Tuning fork

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Tuning fork on resonance box, by Max Kohl, Chemnitz, Germany

A tuning fork is a sound resonator which is a two-pronged fork. The prongs, called tines, are made from a U-shaped bar of metal (usually steel). This bar of metal can move freely. It resonates at a specific constant pitch when set vibrating by striking it against an object. It sounds a pure musical tone after waiting a moment to allow some high overtone sounds to die out. The pitch depends on the length of the two prongs. Its main use is as a standard of pitch to tune other musical instruments, and in some tests of hearing.

Description[change | edit source]

Tuning fork by John Walker stamped with note (E) and frequency in hertz (659)

The tuning fork was invented in 1711 by British musician John Shore. He was the Sergeant Trumpeter to the court, who had musical parts written for him by the composers George Frideric Handel and Henry Purcell.

The fork shape produces a very pure tone. Most of the vibrational energy is at the fundamental frequency, with very few overtones (harmonics). This is not the case with other resonators. The reason for this is that the frequency of the first overtone is about 52/22 = 25/4 = 6¼ times the fundamental (about 2½ octaves above it).[1] By comparison, the first overtone of a vibrating string is only one octave above the fundamental. So when the fork is struck, little of the energy goes into the overtone modes; they also die out correspondingly faster, leaving the fundamental. It is easier to tune other instruments with this pure tone, when listening to compare with the tone of each other instrument.

Another reason for using the fork shape is that, when it vibrates in its principal mode, the handle vibrates up and down as the prongs move apart and together. There is a node (point of no vibration) at the base of each prong. The handle motion is small, allowing the fork to be held by the handle without damping the vibration, but it allows the handle to transmit the vibration to a resonator (like the hollow rectangular box often used), which amplifies the sound of the fork.[2] Without the resonator (which may be as simple as a table top to which the handle is pressed), the sound is very faint. The reason for this is that the sound waves produced by each fork prong are 180° out of phase with the other, so at a distance from the fork they interfere and largely cancel each other out. If a sound absorbing sheet is slid in between the prongs of a vibrating fork, reducing the waves reaching the ear from one prong, the volume heard will actually increase, due to a reduction of this cancellation.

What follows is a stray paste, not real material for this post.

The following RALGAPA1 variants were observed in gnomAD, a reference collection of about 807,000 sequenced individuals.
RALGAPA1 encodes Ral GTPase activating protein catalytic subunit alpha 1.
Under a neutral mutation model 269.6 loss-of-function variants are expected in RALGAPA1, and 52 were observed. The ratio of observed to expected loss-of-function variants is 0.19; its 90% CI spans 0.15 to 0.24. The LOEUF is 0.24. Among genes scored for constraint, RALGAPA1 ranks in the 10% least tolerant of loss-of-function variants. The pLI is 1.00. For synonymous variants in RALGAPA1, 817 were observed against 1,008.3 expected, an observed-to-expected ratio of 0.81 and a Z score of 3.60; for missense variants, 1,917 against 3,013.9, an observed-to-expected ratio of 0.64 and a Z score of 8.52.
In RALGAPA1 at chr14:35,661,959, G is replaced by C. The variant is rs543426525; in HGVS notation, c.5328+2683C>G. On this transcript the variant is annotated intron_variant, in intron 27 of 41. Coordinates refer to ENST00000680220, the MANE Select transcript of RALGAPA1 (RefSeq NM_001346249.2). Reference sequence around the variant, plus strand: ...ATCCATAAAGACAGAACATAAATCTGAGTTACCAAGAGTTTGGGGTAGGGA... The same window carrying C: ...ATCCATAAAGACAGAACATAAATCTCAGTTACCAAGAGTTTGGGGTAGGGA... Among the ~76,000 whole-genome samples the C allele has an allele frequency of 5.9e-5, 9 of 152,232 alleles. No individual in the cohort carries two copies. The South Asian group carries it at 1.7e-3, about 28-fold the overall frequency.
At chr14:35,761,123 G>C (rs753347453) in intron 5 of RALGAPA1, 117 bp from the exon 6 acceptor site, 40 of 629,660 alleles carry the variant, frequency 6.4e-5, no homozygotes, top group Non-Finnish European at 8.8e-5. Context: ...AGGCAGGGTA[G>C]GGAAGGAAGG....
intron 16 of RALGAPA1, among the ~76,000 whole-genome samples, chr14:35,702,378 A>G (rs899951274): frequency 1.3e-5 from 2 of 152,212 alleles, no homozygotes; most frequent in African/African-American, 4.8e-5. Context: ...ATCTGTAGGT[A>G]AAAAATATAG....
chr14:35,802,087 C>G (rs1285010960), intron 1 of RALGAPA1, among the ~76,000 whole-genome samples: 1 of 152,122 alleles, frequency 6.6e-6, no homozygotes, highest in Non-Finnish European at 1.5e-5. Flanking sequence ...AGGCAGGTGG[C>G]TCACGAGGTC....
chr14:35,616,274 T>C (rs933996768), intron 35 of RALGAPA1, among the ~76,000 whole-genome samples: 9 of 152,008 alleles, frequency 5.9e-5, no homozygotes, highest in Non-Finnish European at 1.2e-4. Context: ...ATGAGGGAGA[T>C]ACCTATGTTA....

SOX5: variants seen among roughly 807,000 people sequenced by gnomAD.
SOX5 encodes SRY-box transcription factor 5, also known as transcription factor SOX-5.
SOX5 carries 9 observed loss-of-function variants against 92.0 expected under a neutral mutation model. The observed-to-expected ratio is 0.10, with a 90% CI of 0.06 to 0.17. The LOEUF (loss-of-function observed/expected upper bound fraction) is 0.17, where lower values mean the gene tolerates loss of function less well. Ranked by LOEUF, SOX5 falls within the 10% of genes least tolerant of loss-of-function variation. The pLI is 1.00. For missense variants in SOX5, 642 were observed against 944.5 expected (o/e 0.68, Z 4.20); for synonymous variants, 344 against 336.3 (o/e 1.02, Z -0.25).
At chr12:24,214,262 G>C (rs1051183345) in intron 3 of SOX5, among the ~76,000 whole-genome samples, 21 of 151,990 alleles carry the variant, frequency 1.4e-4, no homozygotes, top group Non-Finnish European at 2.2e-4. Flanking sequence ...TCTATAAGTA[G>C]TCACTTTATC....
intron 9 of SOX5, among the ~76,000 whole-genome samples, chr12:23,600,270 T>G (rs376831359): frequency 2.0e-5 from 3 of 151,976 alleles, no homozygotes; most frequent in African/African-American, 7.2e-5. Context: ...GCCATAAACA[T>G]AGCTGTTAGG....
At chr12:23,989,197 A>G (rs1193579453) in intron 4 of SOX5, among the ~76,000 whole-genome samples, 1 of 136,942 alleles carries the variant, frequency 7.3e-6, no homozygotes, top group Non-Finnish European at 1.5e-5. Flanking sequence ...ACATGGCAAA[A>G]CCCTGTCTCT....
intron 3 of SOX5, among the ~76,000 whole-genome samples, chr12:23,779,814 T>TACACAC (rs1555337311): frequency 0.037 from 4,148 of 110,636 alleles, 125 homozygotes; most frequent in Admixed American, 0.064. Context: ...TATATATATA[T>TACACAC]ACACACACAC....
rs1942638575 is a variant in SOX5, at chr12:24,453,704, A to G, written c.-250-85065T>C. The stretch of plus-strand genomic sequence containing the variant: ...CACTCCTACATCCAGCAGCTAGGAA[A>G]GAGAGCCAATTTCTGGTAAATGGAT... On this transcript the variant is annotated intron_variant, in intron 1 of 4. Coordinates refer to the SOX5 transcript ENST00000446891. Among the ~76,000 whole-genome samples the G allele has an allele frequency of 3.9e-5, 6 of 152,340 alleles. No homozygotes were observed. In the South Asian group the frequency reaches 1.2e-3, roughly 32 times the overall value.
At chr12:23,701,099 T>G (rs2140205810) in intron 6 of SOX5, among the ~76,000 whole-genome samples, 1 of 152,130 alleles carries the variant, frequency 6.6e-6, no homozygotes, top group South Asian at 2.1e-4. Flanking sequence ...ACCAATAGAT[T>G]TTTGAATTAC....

Commercial tuning forks are normally tuned to the correct pitch at the factory, but they can be retuned by filing material off the prongs. Filing the ends of the prongs raises the pitch, while filing the inside of the base of the prongs lowers it.

The most common tuning fork sounds the note of A = 440 Hz. This is the standard concert pitch, used as tuning note by some orchestras. It is the pitch of the violin's second string, the first string of the viola, and an octave above the first string of the cello, all played open. Tuning forks used by orchestras between 1750 and 1820 mostly had a frequency of A = 423.5 Hz, although there were many forks and many slightly different pitches.[3] Standard tuning forks are available for all the musical pitches within the central octave of the piano, and other pitches. Well-known manufacturers of tuning forks include Ragg and John Walker, both of Sheffield, England.